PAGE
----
The rise of the reflexive expert? Epistemic, care-ful and instrumental reflexivity in global public policy

Justyna Bandola-Gill*, Sotiria Grek, Marlee Tichenor

*Corresponding author for this work

Research output: Contribution to journalArticlepeer-review

Abstract / Description of output

The production of data and numbers has become the key mechanism of both knowing and governing global public policy. And yet, processes of quantification are inherently paradoxical: from expectations of technocratic rationality and political usability of producing ‘global’ numbers that count for ‘local’ politics and needs to practical limitation of measurement and the necessity to work with ‘good enough’ data. This begs a question – how do these competing epistemic, political and value orders manifest themselves through the work that experts do? In this article, we explore the problem by focussing on reflexivity as a way for experts (primarily those working in key International Organisations) to make sense of and tame the tensions inherent in their work. Through rich qualitative exploration of over 80 semi-structured interviews with experts working in the areas of poverty, education and statistical capacity development, we contribute to debates in the social studies of quantification by arguing that reflexivity is not just a mental process that experts engage in but rather an important resource allowing them to make sense of the contradictions inherent in their work and to mobilise political and ethical considerations in the technocratic process of producing numbers. We identify three types of reflexivity: (1) epistemic reflexivity – regarding the quality of data and its epistemic status as reflecting the reality; (2) care-ful reflexivity – regarding values embedded in data and the duty of care to the populations affected by the measurement and (3) instrumental reflexivity – regarding political rationality and necessary trade-off required to realise political goals. Overall, the article argues that reflexivity becomes an increasingly central expert practice, allowing the transformation of the process of quantification into one of qualification enabling them to attach political attributes and values to data and measurement.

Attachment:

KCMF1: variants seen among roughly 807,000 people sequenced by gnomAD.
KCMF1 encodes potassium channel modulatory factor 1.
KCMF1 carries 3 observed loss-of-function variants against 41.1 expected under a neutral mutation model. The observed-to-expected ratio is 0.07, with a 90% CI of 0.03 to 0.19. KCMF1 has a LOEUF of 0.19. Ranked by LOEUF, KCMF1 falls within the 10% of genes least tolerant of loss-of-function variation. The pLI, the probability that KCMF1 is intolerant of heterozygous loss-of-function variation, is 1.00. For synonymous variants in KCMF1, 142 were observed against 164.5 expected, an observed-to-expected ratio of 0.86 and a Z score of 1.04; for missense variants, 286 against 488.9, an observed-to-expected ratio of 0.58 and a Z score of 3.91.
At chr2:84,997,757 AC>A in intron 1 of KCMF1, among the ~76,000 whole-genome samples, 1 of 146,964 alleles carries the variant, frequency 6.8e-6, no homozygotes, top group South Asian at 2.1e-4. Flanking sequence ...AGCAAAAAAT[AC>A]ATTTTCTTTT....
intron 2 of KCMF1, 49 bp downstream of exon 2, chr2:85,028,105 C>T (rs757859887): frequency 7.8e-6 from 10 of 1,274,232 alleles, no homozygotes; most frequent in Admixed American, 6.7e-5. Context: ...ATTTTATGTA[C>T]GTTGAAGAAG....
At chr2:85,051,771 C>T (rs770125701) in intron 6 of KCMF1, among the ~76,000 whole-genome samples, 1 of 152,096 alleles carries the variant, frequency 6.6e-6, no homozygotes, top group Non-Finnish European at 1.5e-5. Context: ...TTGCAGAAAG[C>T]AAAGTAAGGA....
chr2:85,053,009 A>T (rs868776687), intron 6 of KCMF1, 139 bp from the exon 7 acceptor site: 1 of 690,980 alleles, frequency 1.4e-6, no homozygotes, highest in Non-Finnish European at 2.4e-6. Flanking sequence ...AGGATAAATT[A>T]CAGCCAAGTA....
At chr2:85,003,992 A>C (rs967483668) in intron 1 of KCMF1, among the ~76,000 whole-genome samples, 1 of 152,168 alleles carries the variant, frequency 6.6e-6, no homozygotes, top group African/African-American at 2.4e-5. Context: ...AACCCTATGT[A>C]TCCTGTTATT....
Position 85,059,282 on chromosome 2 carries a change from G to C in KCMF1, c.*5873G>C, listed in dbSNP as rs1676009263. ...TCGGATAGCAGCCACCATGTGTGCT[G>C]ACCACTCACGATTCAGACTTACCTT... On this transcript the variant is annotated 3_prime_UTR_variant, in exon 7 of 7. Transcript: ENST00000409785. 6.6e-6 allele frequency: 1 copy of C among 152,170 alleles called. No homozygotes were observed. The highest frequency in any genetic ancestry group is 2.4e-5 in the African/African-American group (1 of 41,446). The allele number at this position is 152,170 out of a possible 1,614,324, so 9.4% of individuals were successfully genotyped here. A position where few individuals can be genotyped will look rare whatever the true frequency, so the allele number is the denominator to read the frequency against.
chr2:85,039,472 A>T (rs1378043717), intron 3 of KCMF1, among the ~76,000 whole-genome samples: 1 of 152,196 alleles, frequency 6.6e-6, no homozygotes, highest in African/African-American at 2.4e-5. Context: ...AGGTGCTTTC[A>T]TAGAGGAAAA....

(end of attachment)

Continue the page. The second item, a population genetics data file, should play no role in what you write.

Original languageEnglish
Pages (from-to)481-498
JournalGlobal Social Policy
Issue number3
Early online date6 Jan 2023
Publication statusPublished - Dec 2023

Keywords / Materials (for Non-textual outputs)

  • education
  • expertise
  • health
  • knowledge
  • poverty
  • quantification
  • reflexivity


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